Many felt they had a strong chance of success at Euro 1996, thanks to the depth of quality in their star-studded squad, but they displayed more controversy as a racial divide scuppered their chances of success.
Taylor Turns Into a Turnip, Euro 92
England manager Graham Taylor famously denied Gary Lineker the chance to equal Sir Bobby Charlton’s goalscoring record at Euro 1992. The Three Lions were drawing 1-1 with Sweden in their final group game when Taylor made the controversial decision to bring on Alan Smith in place of Lineker for the final half hour. Lineker could not hide his fury as he stormed off, and Smith proved ineffective as England ended up losing the game and crashing out. A tabloid newspaper superimposed a turnip over Taylor’s face and he never shook the nickname.
Spanish Fury After Elimination – Euro 96
The Spanish were on the receiving end of some questionable decisions from the officials during their clash with England at Euro 1996. Julio Salinas had a perfectly good goal ruled out for offside. Jose Luis Caminero was denied a strong penalty shout and Kiko was also adjudged to be offside when he fired past David Seaman, even though it looked borderline. Hosts England prevailed in a penalty shootout and Spain’s players cried foul. “We not only played against 11 players and 70,000 fans but also three officials,” said an enraged Salinas after the game. “It was impossible to win.”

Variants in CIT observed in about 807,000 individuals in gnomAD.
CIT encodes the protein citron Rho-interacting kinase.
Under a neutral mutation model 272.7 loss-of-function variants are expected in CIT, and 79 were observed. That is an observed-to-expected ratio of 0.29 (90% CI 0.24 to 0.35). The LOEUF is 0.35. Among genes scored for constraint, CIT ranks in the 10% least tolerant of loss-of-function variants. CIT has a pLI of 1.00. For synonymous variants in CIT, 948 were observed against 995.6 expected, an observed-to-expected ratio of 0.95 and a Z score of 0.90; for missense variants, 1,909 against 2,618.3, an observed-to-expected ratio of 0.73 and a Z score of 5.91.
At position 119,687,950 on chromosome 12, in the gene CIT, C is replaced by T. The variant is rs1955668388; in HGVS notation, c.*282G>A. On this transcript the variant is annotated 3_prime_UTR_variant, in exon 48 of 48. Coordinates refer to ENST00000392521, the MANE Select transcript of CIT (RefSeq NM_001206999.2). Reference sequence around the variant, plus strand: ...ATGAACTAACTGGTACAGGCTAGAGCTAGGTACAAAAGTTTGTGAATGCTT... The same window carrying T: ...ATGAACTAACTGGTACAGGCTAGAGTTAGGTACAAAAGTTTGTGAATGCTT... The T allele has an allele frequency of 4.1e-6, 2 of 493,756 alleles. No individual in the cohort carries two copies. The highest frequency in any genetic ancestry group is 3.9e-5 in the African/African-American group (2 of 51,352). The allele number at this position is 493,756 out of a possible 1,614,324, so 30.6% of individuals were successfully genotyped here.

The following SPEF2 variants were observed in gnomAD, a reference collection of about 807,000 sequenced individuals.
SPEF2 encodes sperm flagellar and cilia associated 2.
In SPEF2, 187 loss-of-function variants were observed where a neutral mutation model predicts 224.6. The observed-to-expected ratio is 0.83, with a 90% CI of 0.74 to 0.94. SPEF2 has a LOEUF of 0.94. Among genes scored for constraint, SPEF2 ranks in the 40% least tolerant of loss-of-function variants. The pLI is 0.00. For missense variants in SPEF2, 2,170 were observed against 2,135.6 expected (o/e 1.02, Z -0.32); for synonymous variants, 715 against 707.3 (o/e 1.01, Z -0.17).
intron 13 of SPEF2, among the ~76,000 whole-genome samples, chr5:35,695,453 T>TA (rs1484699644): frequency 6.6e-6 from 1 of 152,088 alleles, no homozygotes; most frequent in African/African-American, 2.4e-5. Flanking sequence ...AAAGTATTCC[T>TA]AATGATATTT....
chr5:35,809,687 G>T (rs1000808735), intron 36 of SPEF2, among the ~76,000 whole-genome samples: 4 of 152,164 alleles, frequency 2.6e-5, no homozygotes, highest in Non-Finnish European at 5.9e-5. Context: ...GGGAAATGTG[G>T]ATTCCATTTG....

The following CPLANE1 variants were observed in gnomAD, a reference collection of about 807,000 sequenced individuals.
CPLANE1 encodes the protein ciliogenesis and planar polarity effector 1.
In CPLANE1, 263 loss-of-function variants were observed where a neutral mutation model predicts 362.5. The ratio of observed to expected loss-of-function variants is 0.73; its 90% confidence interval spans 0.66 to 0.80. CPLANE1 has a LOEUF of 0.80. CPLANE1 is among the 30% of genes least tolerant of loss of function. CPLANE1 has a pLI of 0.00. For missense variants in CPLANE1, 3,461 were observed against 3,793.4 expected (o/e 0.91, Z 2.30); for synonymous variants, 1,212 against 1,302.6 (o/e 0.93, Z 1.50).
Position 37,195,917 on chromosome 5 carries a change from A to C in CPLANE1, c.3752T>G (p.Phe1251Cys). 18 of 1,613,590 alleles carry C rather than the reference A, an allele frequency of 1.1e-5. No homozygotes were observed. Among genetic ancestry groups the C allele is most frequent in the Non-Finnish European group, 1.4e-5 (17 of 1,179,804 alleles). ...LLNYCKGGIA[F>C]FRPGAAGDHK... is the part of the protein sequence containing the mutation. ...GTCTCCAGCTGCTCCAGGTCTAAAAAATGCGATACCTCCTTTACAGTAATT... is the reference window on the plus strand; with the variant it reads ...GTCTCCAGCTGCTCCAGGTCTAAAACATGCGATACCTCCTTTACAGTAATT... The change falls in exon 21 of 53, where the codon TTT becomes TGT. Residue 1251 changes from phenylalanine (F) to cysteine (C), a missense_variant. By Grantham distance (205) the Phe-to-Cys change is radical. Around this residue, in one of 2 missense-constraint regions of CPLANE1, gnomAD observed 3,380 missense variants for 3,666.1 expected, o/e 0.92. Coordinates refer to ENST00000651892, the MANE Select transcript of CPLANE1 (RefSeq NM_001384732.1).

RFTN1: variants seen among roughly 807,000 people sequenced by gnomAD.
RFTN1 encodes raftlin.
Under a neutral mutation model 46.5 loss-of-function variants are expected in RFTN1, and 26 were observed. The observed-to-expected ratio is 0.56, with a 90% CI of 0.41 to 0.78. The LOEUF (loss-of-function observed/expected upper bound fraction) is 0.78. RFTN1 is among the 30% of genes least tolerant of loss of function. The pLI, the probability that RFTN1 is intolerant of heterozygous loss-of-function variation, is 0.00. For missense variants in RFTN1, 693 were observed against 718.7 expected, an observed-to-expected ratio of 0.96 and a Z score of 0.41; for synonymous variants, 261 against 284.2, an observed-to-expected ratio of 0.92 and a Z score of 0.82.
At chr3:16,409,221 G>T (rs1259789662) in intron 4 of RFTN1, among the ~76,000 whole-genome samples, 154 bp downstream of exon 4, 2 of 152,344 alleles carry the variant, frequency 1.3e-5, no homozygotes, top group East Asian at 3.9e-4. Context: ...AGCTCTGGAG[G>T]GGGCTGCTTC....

Franco Forbids Players to Travel – Euro 1960
The first ever European Championship took place in 1960. France earned the right to host the semi-finals and the final, but all prior clashes took place on a home and away basis. A brilliant Spanish side boasting the likes of Alfredo Di Stefano thrashed Portugal 7-2 to book a place in the quarter-finals, where they were due to face the Soviet Union. However, General Franco banned them from travelling to the USSR, which supported his enemies during the Spanish Civil War. Spain had to forfeit their place in the last eight, and the Soviet Union progressed to the semis with a bye. They went on to beat Czechoslovakia in the semi-finals and then picked up a 2-1 extra-time victory over Yugoslavia in the final to lift the trophy. However, that could all have been different if Spain, arguably the tournament favourites, had been able to play against them in the last eight.
Campbell Denied Last-Gasp Winner – Euro 2004
Arsenal defender Sol Campbell wheeled away in delight after bundling the ball into the net in the final minute of their Euro 2004 quarter-final against Portugal. David Beckham’s delivery caused chaos in the opposition penalty area and Campbell reacted quickest to finish it off. It would have ensured a famous 3-2 victory at the end of a thrilling game, but the referee disallowed it. Campbell was adjudged to have fouled Portuguese goalkeeper Ricardo, and the scoreline remained 2-2. It went to penalties and goalkeeper Ricardo was the hero, saving from Darius Vassell and then stepping up to bang in the winning spot-kick himself. The shootout also saw Beckham slip as he was taking his penalty, resulting in him firing over the bar in a horribly disappointing elimination for the Three Lions.